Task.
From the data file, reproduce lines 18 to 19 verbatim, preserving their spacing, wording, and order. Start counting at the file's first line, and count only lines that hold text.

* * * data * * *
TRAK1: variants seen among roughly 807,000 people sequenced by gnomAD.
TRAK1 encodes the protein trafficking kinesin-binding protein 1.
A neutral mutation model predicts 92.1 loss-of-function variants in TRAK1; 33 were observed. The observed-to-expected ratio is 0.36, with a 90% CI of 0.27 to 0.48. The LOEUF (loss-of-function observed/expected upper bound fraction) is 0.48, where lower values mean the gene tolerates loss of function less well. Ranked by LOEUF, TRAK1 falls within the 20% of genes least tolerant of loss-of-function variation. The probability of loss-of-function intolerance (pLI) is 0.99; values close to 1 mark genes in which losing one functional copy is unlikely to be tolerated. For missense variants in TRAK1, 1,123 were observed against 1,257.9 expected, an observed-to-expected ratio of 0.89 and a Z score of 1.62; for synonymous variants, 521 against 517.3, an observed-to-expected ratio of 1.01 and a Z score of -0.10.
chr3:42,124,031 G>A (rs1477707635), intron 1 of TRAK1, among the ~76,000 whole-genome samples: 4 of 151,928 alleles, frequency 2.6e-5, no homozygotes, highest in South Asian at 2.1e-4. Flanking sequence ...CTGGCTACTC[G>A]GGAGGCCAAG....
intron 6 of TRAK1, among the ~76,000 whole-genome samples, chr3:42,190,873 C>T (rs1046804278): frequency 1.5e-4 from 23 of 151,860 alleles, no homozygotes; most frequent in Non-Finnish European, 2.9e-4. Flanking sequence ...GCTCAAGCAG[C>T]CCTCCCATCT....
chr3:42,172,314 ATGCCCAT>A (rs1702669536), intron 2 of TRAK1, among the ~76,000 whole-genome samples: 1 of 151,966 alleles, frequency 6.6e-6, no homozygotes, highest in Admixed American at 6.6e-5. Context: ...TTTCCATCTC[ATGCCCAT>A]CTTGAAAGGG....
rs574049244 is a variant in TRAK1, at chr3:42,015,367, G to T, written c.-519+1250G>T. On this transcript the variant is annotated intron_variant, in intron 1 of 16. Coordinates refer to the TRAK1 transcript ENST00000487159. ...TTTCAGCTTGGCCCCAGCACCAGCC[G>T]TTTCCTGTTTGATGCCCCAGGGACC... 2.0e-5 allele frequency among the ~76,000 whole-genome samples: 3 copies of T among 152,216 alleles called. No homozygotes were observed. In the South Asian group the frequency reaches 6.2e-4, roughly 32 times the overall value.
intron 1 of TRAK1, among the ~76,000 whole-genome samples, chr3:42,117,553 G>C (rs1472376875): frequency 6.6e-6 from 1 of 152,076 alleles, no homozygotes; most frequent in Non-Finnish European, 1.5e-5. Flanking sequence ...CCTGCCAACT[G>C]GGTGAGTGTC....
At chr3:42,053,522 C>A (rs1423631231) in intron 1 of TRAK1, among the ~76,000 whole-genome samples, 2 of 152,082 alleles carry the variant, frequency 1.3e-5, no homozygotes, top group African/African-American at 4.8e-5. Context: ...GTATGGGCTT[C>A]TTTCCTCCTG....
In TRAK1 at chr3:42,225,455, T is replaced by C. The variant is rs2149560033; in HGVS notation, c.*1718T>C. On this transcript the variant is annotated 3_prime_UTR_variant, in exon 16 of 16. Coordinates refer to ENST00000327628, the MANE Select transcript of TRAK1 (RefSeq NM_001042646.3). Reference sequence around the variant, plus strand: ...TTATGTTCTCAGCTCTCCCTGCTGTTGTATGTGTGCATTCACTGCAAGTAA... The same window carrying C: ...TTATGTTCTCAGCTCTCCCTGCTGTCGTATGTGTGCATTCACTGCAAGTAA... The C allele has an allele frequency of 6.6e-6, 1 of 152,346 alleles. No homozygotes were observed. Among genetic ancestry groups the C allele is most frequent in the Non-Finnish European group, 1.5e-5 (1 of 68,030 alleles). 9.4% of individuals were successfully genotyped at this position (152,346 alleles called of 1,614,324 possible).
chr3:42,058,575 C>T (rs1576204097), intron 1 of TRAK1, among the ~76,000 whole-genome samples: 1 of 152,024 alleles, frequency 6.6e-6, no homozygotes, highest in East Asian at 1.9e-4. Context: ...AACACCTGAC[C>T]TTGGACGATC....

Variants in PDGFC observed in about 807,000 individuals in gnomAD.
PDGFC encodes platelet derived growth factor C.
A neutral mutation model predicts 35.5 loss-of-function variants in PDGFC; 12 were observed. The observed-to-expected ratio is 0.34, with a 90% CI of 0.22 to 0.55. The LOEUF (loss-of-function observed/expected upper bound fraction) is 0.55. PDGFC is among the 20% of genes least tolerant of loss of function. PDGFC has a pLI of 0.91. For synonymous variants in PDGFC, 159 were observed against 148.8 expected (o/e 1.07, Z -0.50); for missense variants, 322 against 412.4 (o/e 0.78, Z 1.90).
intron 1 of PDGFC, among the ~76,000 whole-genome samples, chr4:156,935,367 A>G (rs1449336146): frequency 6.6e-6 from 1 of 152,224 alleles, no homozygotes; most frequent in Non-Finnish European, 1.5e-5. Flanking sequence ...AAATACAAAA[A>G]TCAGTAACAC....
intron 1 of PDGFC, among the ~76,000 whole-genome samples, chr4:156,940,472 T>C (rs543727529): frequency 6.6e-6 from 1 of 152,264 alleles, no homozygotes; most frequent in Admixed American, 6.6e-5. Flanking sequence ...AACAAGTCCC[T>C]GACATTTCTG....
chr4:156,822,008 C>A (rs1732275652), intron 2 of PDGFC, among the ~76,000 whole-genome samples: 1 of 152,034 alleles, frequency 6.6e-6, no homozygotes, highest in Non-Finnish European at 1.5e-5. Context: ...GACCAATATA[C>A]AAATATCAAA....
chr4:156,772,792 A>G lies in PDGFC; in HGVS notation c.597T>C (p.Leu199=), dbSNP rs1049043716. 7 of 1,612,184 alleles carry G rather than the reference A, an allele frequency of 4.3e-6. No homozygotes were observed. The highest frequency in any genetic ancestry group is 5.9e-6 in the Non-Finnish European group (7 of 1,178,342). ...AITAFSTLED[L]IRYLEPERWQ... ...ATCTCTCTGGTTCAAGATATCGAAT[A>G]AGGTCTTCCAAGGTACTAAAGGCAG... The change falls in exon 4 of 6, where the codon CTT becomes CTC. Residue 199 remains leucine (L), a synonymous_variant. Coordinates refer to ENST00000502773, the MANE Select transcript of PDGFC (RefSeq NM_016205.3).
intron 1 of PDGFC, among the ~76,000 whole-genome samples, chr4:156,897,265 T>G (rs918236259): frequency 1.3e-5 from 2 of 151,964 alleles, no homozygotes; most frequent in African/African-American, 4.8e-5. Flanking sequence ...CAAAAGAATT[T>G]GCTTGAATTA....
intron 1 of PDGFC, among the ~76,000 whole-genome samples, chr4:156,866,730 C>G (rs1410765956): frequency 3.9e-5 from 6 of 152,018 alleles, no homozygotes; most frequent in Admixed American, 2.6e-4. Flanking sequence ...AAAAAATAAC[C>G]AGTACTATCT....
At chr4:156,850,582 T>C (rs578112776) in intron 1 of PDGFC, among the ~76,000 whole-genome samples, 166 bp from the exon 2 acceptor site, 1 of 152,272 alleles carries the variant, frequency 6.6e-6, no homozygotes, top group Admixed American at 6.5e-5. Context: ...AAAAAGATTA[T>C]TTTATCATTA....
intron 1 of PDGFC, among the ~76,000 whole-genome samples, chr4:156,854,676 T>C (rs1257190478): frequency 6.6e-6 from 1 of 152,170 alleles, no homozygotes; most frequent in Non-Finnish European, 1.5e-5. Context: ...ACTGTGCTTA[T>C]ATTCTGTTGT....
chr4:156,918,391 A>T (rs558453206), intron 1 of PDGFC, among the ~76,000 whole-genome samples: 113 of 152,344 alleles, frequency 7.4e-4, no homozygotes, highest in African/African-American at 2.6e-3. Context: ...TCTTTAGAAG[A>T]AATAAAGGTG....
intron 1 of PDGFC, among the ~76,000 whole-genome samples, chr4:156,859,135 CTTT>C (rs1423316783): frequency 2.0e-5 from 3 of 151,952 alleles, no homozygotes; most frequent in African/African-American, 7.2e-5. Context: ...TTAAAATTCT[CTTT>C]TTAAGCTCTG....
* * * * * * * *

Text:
chr4:156,772,792 A>G lies in PDGFC; in HGVS notation c.597T>C (p.Leu199=), dbSNP rs1049043716. 7 of 1,612,184 alleles carry G rather than the reference A, an allele frequency of 4.3e-6. No homozygotes were observed. The highest frequency in any genetic ancestry group is 5.9e-6 in the Non-Finnish European group (7 of 1,178,342). ...AITAFSTLED[L]IRYLEPERWQ... ...ATCTCTCTGGTTCAAGATATCGAAT[A>G]AGGTCTTCCAAGGTACTAAAGGCAG... The change falls in exon 4 of 6, where the codon CTT becomes CTC. Residue 199 remains leucine (L), a synonymous_variant. Coordinates refer to ENST00000502773, the MANE Select transcript of PDGFC (RefSeq NM_016205.3).
intron 1 of PDGFC, among the ~76,000 whole-genome samples, chr4:156,897,265 T>G (rs918236259): frequency 1.3e-5 from 2 of 151,964 alleles, no homozygotes; most frequent in African/African-American, 4.8e-5. Flanking sequence ...CAAAAGAATT[T>G]GCTTGAATTA....